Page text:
Saturday, December 31, 2011

The Limits of Occam's Razor

Occam’s Razor, also called The Law of Parsimony, is a principle that we shouldn’t add more explanations for a thing than absolutely necessary.  However, popular interpretations of this principle usually go something like “The simpler explanation is to be preferred over the complex one”.  While this does sound appealing on the surface, it is actually a distortion of Occam.  Even worse, this interpretation itself is open to rhetorical abuse.  This is particularly true when people are unwilling to do the actual hard work of considering the totality of the facts, deciding which facts are relevant, then deciding what the facts mean.

The truth is that Occam’s Razor applies only to explanations that account for identical sets of facts.  If the simple explanation takes into account eight relevant facts while the complex ones also take into account those same eight facts and only those eight, then Occam’s razor applies.  However, if the complex explanation takes into account even nine relevant facts, including all eight of the previously stated ones, then we should at the very least not dismiss the more complex explanation from the get-go simply because it’s not as simple as the one that takes into account only the aforementioned eight facts.  The complex explanation might still be wrong anyway, for any number of reasons.  Even so, if it is wrong, it is certainly not due to its complexity; for the explanation takes into account one more relevant fact that the simple one does.  

Occam’s Razor is also easy to abuse rhetorically, especially in light of the above.  This is particularly true with regard to highly complex issues that vex practically everyone – religion, politics, economics, psychology, morality / ethics and so forth.  As emotionally charged as these issues are, these spheres are especially fertile ground for demagogic rabble-rousing.  In these situations, while it may appear the speechmaker seems a master at making the complex clear, it is at least as likely he or she is engaging in oversimple explanations – whether because he or she truly believes their own explanation or merely to provoke people into becoming outraged enough to given them support.  In either case, it is best stop and take a healthy skepticism toward any viewpoint that seems to explain a lot of things, especially about “human nature” issues.   If history and personal experience teach anything, human nature and human actions are often not easily reducible to one simple neat explanation.

So while Occam’s Razor, properly used, is often a powerful tool for discerning the truth of a matter, it’s very appeal as a supposedly simple method of discerning truth from lies makes it very vulnerable to abuse.   Therefore, like any other tool, we should learn what it can and cannot do for us before we actually use it.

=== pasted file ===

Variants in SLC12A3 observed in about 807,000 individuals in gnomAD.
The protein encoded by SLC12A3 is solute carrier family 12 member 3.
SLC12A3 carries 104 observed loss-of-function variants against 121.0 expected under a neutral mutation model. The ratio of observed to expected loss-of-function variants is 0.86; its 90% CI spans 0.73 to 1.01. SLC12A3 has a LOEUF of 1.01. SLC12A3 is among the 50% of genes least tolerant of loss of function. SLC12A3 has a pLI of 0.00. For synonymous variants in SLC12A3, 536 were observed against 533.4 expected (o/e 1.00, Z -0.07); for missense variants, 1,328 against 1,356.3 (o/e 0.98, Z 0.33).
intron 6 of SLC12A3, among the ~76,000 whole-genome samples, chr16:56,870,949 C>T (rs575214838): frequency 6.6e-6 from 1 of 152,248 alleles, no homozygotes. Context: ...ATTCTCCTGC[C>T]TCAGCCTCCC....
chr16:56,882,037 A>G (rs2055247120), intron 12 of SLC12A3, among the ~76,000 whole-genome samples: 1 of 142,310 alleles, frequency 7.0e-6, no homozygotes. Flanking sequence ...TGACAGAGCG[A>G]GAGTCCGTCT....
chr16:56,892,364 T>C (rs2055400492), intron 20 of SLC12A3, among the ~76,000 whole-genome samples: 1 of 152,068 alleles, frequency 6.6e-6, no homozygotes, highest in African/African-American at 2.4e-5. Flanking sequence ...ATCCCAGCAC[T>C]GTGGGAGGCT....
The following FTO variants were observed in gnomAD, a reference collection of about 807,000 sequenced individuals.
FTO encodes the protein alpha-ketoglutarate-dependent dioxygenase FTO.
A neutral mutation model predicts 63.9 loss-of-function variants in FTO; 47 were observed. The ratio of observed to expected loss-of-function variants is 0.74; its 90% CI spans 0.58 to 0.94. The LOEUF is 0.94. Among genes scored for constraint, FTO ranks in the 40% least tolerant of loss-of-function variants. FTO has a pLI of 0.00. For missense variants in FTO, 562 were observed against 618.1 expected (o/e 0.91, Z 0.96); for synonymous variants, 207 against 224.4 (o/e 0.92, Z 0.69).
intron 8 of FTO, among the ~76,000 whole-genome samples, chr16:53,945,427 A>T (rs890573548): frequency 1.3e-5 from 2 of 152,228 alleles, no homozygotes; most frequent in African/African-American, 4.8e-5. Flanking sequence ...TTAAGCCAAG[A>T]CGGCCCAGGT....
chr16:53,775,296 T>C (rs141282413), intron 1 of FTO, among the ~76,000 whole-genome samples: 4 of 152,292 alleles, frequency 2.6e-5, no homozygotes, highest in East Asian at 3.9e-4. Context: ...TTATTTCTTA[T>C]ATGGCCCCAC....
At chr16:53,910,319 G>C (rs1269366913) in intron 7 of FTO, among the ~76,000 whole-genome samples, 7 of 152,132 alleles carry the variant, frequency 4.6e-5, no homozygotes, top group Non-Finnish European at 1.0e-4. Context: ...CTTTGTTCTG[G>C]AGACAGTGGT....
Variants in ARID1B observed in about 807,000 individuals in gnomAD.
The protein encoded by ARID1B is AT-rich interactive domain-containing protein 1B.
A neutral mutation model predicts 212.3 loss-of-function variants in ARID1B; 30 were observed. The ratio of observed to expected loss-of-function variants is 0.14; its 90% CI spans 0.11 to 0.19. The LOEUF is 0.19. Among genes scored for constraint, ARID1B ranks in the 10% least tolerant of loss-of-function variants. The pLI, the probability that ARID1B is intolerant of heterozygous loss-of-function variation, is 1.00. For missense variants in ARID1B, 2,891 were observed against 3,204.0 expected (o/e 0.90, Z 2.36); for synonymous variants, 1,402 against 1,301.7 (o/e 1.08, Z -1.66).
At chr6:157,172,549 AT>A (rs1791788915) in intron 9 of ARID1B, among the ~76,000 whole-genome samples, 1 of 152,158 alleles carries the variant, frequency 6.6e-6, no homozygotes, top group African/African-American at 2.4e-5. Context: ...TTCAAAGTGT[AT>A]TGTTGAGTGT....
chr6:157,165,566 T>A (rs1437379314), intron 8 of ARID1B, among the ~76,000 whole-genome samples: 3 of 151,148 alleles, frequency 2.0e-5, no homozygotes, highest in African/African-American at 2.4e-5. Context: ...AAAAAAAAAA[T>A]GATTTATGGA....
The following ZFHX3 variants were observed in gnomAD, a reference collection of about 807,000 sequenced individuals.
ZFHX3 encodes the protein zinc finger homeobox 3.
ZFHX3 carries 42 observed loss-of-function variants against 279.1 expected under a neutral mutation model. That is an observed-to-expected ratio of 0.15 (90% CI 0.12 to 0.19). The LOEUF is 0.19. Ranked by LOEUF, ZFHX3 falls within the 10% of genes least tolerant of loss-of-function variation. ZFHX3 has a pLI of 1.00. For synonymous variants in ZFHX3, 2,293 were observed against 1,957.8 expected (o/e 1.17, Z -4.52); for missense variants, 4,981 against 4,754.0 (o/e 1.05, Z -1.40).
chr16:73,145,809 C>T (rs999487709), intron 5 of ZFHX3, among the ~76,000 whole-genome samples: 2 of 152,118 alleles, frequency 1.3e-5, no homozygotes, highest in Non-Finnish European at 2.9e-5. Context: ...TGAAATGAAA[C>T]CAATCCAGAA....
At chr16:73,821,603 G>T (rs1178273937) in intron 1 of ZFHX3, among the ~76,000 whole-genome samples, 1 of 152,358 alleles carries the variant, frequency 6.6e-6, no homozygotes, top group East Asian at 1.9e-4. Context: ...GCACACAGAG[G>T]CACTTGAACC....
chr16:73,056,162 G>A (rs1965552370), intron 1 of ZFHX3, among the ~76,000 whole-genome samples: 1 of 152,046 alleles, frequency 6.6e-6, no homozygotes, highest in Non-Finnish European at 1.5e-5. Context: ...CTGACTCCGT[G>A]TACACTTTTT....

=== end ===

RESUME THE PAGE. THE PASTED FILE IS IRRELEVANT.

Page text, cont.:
Friday, December 9, 2011

Living for the Sake of Living is a Myth

It’s a common myth that we seek to live simply for the sake of living. However sensible this may seem on the surface, there is a lot of evidence against this; most noteworthy are suicides in the conventional sense (both attempted and successful) and “heroic sacrifices”. Further evidence comes from the “death with dignity” movement, which pushes to legalize physician-assisted suicide for terminally ill people. This is especially true if they are likely to experience intense pain or debilitation in their final days.

In the opposite direction, it's safe to assume that most people with extreme disabilities do not want to die; for most do find pleasures in life not dependent on the physical or mental ability they lack (e.g. hobbies and interests, having favored company in their presence, etc). Also, many people say they do not fear death. By this, it’s safe to assume they mean the precise event itself (as opposed to the probably painful process leading to their deaths). Therefore, it’s likely more sensible to say people live for the sake of experiencing new pleasures rather than life per se.

Regarding the pain we will likely experience just before our deaths, it’s said pain exists to warn us of threats to our lives. While this is true, this doesn’t tell the whole story. Imagine we have a machine, drugs, or other means to fool our nerves into thinking that we’re being stabbed, beaten, burned, cut, whatever. Further suppose that researchers are conducting some kind of experiment in which experiencing intense pain is a relevant part of the experiment. They fully inform the prospective volunteers about what they will experience during the experiment and in all other ways conduct the experiment that exceeds all the highest ethical and legal standards. Then, when the person is hooked up to the machine, administered the drugs, etc. they will experience pain more excruciating than they ever experienced in their life – to the point that they actually want to die at that moment. Never mind that they know fully well there is no actual agent threatening their lives. They just want the pain to end right now (!!!!!). This is the clich├ęd “fate worse than death”.

The same goes for not having enough pleasure in life, even if we don’t experience physical pain, social rejection, poverty, or other commonly-considered “social ills”; for that creates boredom. This is also a pain, a psychic one to be sure, but a real one nevertheless. Therefore, it’s likely more plausible to say that people avoid pain not so much to avoid danger as it is to avoid pain for its own sake.

For these reasons, I think we don’t so much seek life as we do seek pleasure and avoid pain. In other words, life is only a means to an end – the end is experiencing pleasures to the extent those pleasures can mitigate pain. Excuse the anthropomorphism, but both are tricks our DNA uses to perpetuate itself as long as it can possibly do so.